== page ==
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Class Planning for Senior Year: What to Take and Why

Class Planning for Senior Year: What to Take and WhyIt’s your senior year and you're probably feeling just as excited as you are exhausted. You don’t know what the future holds, but you’re hoping that college is your next big step.  After all, you’ve paid your dues: you’ve taken the standardized tests, made good grades, volunteered when needed, and also took on extracurricular activities from sports to band – all to impress a panel of strangers who hold the key to your future in their hands.

Clearly, the college admissions process can be an emotional rollercoaster.  And at this point in the process, most students will decide that they’ve done all that they can do to convince admissions to select them over another candidate.

Blaming senioritis, seniors everywhere will convince themselves that their last year of high school doesn’t really matter to colleges.  Many students will be tempted to slack off and will make the mistake of cruising through their senior year, hoping to avoid taking anything that could be considered academically rigorous.  

But before you write-off your senior year as nothing more than a waiting period until your “real” life starts, consider using your senior year instead as a way to prepare for the academic rigor of college.  Furthermore, enrolling in certain types of courses can help you earn credit in high school that you can use later in college.

Below are a few ideas of what courses to take during your senior year and why...

AP Classes

Many high schools offer Advanced Placement (AP) courses in a variety of subjects from government to calculus. If your school offers AP courses, consider taking a few during your senior year. AP courses are normally the most challenging courses you can take during high school.  They’re rigorous and in-depth and you’ll be asked to take an exam towards the end of the school year to test your knowledge of the information covered in class. 

By taking AP courses, you’ll be exposed to the type of academic rigor you will encounter in college. Hence, you’ll learn important analytical and critical thinking skills, and you’ll have the opportunity to sharpen your study skills.

In addition to the skills mentioned above, another positive of taking AP classes is that some colleges will give you credit for passing the AP exams.  Thus, if you do well on your AP exams you can earn college credit.  This could mean graduating early or having access to credits that you can use if you were to get sick or had a family emergency that required you to sit out a semester. Every college has a different score that is considered passing, so check with the college of your choice to determine their policy towards AP credit.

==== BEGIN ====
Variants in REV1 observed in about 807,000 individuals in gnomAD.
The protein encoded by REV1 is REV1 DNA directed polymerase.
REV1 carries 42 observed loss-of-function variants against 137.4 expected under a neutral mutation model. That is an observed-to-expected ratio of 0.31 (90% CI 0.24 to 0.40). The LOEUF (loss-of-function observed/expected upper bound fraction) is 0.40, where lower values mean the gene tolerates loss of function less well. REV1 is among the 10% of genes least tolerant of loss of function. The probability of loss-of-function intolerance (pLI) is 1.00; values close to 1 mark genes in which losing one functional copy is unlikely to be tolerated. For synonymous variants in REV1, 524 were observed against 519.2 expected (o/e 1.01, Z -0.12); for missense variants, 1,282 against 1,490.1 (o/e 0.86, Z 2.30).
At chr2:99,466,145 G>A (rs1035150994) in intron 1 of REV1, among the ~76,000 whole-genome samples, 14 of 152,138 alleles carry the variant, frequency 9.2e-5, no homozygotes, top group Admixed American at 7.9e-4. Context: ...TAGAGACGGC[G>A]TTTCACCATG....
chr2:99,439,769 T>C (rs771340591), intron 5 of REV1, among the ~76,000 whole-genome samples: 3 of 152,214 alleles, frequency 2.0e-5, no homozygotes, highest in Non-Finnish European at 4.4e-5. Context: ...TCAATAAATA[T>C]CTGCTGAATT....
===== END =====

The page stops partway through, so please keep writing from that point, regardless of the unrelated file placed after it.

Dual Credit

Dual credit courses are offered by many community colleges.  They are called dual credit because they are courses offered by the college that you can enroll in while you’re in high school.  It’s a fantastic opportunity: you’ll receive high school and college credit by taking a single course.

If you’re near a community college, you might want to research dual-credit classes especially if you hope to eventually be accepted to a public college or university in your home state.  Many community colleges will offer courses as dual credit that are part of the core curriculum.  The core curriculum is also commonly known as the “basics”. These basics are the courses that are covered during the first two years of college at most public universities.  Usually, the dual-credit courses that are considered part of the core curriculum are transferable to a 4-year university.  This means that during your senior year, you can take dual-credit classes that you can then get credit for at the college of your choice.  Enrolling in dual credit classes is a great way to save money on college tuition and get ahead, as well. Talk to your guidance counselor to see if dual credit classes are possible where you are.

Honors Courses

If Advanced Placement and dual credit classes are not offered at your high school, consider taking all honors courses during your senior year instead.  These courses are designed to be a form of college prep.  Although you won’t get credit for them like you would with dual-credit or passing AP scores, honors courses still provide an excellent opportunity to learn important skills that you can later use in college.

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